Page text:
Jun 13, 2015, 1:29am Top

>158 SylviaC: Usually I avoid books with titles in the format of: The __________'s Wife/Daughter/Mistress/etc.

So do I. It's interesting to know that this aversion is shared. I don't know exactly why I find that formula so irritating, unless it's the implication that a focal character's identity (usually a woman) hinges on her relationship to somebody else (usually a man). If a main character appears to be someone else's appendage, how is he or she going to warrant book-length attention?

I did read and rate highly The Orphan Master's Son, but ordinarily if a title or even an author's name puts me off, I just won't go near the book.

Jun 14, 2015, 10:24pm Top

>159 Meredy: I think that part of what bothers me, just as you suggest, is that impression of a woman's identity being based on her relationship to a man. Another thing that annoys me is that the authors or publishers seem to be jumping on a bandwagon. After one such title was successful (The Time Traveler's Wife, maybe?) it became the popular way to title "literary fiction".

Edited: Jun 15, 2015, 1:14am Top

>160 SylviaC: I think you're right, it has become a fad formula. I was thinking of The Time Traveler's Wife too, but The Bonesetter's Daughter preceded it. Probably there've been others before that, but it's lately been a distinct trend. Just give me an Anna Karenina or an Oliver Twist, a Hamlet or a Cinderella. I don't need to know ahead of time who their relatives are.

Jun 18, 2015, 10:30pm Top

Anne of Green Gables by L. M. Montgomery. I was inspired to reread this after taking my daughter to see the Anne of Green Gables musical. It has been many years since I last read it, but the whole story was still as familiar and cozy as my favourite fuzzy blanket. I am greatly relieved to report that the suck fairy has stayed far away from Anne. In fact, I was newly impressed with just how well-written the book is. Now I'll have to go on to reread a few more Anne books.

Jun 19, 2015, 1:13am Top

>162 SylviaC: the suck fairy has stayed far away from Anne

I'm very glad to hear that. As a rule I'm not tempted to go back to childhood reads, but it is so nice to know that if I did revisit Avonlea I would find things as they ought to be.

Jun 20, 2015, 3:53pm Top

>151 SylviaC: That book is sitting on my shelf upstairs. I am sure I got hold of it on the basis of some one recommending it here on LT. It's reassuring to know that you give it a thumbs-up as well!

Jun 20, 2015, 4:27pm Top

>164 jillmwo: I would like to know what you think of it. You generally pick up on more than I do, and I think Miss Mole has a lot of hidden depth.

Jun 21, 2015, 10:09am Top

>162 SylviaC: I revisited with Anne a couple of years ago, and she's every bit as charming as when we first met - I ended up reading the first three books in a row because it was all such a lovely trip down memory lane!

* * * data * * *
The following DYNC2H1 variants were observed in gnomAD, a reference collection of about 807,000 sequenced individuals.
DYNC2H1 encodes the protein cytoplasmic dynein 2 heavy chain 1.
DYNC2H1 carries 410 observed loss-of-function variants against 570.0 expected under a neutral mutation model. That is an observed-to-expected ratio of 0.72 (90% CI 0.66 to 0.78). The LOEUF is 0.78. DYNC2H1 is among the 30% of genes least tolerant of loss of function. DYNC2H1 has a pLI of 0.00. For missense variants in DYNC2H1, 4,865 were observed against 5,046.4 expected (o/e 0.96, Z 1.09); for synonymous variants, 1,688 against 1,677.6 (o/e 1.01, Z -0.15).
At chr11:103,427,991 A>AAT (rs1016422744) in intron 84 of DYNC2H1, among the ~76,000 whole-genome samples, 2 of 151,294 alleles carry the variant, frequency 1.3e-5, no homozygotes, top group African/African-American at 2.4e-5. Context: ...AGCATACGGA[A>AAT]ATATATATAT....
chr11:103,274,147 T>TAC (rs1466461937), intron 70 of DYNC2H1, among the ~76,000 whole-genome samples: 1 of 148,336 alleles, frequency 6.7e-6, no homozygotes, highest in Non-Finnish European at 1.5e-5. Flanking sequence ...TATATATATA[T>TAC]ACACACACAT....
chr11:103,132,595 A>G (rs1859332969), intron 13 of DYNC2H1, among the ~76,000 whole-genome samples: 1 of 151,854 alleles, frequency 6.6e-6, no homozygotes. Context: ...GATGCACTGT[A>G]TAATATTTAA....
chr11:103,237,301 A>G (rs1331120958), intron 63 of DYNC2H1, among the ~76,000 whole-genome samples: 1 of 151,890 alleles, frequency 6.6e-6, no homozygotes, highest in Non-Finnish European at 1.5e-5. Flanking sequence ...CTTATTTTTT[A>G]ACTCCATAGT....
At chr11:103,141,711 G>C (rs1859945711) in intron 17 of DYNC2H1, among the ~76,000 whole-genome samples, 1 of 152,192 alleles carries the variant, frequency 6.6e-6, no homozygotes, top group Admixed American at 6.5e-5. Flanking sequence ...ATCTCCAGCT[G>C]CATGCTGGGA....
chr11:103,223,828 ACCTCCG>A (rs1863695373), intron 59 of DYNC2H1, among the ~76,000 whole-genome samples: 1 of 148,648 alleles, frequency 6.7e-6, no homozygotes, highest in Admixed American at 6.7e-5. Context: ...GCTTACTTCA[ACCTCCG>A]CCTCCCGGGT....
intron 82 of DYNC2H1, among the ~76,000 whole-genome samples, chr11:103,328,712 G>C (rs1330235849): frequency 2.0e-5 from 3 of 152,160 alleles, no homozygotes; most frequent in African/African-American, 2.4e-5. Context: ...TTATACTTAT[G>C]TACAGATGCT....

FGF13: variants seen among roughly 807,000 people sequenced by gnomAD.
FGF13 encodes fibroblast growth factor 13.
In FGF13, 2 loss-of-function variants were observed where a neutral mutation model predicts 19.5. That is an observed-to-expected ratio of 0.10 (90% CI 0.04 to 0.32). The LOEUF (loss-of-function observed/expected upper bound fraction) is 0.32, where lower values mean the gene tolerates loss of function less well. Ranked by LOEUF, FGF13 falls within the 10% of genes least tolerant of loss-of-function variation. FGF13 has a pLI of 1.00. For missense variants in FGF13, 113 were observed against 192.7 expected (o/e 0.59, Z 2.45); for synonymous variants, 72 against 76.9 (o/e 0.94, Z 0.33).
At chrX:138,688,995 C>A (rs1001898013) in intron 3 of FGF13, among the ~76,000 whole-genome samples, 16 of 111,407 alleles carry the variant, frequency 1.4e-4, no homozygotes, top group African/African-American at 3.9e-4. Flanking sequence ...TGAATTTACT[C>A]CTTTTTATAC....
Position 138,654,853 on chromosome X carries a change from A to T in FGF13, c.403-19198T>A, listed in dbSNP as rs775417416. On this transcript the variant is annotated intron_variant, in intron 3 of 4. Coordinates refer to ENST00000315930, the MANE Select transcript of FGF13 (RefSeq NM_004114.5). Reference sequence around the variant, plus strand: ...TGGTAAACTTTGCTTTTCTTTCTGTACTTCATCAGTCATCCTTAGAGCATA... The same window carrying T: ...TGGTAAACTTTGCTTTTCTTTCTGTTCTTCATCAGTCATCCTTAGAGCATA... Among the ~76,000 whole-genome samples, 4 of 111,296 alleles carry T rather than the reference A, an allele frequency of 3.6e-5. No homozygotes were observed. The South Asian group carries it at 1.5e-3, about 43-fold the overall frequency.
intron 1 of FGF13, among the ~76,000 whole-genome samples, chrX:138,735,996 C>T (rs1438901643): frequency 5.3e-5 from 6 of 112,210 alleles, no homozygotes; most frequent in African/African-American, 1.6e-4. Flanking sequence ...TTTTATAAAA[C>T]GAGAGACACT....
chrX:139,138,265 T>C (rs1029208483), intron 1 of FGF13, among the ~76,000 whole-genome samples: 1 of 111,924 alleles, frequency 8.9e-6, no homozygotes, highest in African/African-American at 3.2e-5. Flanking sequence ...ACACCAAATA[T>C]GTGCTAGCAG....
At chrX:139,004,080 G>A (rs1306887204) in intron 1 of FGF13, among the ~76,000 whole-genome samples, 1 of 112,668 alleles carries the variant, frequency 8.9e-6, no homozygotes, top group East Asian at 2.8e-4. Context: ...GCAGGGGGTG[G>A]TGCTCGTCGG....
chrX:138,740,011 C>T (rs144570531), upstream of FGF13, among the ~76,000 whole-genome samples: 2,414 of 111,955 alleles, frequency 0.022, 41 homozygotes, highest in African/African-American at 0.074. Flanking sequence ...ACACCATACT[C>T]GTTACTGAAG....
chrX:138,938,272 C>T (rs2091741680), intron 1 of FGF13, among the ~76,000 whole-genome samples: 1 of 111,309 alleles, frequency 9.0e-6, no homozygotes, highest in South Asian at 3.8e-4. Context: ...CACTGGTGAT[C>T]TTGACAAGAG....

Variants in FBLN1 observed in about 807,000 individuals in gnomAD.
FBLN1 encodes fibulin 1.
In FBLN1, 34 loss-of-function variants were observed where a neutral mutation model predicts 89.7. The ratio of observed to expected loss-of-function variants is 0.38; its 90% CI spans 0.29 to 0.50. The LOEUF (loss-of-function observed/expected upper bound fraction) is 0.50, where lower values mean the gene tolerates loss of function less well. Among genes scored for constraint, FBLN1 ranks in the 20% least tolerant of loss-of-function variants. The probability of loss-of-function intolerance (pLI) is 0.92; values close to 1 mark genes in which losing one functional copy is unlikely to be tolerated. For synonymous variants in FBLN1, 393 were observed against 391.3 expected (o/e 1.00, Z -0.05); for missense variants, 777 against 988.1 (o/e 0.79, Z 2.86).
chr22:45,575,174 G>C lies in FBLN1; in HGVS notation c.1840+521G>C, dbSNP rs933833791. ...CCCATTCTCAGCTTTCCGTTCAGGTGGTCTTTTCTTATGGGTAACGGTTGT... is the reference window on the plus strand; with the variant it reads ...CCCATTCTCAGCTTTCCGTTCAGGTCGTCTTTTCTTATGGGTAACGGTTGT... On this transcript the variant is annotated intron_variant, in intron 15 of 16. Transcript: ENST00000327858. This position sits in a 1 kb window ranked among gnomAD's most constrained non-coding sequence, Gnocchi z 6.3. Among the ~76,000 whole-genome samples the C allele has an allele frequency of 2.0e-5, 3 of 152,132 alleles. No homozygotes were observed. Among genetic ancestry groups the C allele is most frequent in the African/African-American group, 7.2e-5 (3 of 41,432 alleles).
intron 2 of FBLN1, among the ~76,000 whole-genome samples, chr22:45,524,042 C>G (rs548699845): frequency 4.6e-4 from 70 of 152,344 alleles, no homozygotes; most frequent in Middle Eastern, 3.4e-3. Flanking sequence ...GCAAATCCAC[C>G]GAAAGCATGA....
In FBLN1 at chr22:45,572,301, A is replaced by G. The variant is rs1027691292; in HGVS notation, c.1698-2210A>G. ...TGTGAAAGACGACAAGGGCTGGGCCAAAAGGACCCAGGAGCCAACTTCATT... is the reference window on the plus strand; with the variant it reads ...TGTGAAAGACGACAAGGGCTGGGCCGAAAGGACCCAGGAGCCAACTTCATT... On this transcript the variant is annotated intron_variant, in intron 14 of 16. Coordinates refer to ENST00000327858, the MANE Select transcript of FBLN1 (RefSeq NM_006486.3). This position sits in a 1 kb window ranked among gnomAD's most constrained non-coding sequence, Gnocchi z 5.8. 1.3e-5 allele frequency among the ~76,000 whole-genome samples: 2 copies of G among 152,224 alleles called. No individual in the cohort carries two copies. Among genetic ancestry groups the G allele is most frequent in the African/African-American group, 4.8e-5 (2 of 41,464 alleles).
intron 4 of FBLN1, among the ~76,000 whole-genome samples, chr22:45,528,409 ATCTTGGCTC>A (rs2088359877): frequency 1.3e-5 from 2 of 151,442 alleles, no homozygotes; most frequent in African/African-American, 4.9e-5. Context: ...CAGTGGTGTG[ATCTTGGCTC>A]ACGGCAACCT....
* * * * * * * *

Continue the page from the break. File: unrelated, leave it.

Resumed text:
Jun 22, 2015, 11:58am Top

Anne of Avonlea by L. M. Montgomery. Reread. Still a nice book, but doesn't quite have the charm of Anne of Green Gables.

Jun 24, 2015, 12:56pm Top

Anne of the Island by L. M. Montgomery. Liked it just as much as ever.

Jun 28, 2015, 5:01pm Top

Anne of Windy Poplars by L. M. Montgomery. I still liked it, but not as much as I used to. The random love affairs and recitations of tragedies were too repetitive, but everything else was very good.

Jun 30, 2015, 8:37pm Top

Anne's House of Dreams by L. M. Montgomery. I'm glad I reread this. I was kind of reluctant to, because I mostly remembered the sadness. Fortunately, I now recall that there is plenty of humour and joy in this book, too. It also has a fair dose of melodrama and purple prose, but L. M. Montgomery does tend to lapse into those at times.

Jul 3, 2015, 4:32pm Top

Anne of Ingleside and Rainbow Valley. I remembered these two as being the most boring in the series.Anne of Ingleside proved to be even worse than I recalled, to the point that it was barely readable. I ended up skimming, in the hope that something interesting would happen. It didn't. Happily, Rainbow Valley was much better than I remembered, and not at all boring. I wonder if L. M. Montgomery had to introduce the Merediths and Mary Vance because Anne's children were too well-behaved to have interesting adventures.

I wasn't planning to reread Rilla of Ingleside now, because I last read it just a few years ago, but I don't think I can resist.

Jul 3, 2015, 5:43pm Top

>171 SylviaC: Rainbow Valley and Rilla of Ingleside are the 2 I've never read (I didn't even know they existed until I looked up Montgomery on Gutenberg). I don't recall much about Anne of Ingleside other than the throwaway image that makes it clear one of her sons will die in World War I, which has haunted me ever since I first read it.

Jul 3, 2015, 7:31pm Top

>172 imyril: Yes, that is a memorable bit in Anne of Ingleside. Rilla of Ingleside is very much about WWI. Although it takes place entirely on Prince Edward Island, the war is more than just a backdrop to the story. So there is significant loss and sadness, but it is still ultimately a positive book. Rilla (Anne's youngest child) shows huge character development, and there is plenty of humour and love. Next to Anne of Green Gables, it is my favourite book by L. M. Montgomery.

Jul 4, 2015, 4:38am Top

>173 SylviaC: I have downloaded it from Gutenberg, so I'll follow your footsteps back to Ingleside this year :)

Jul 4, 2015, 10:12am Top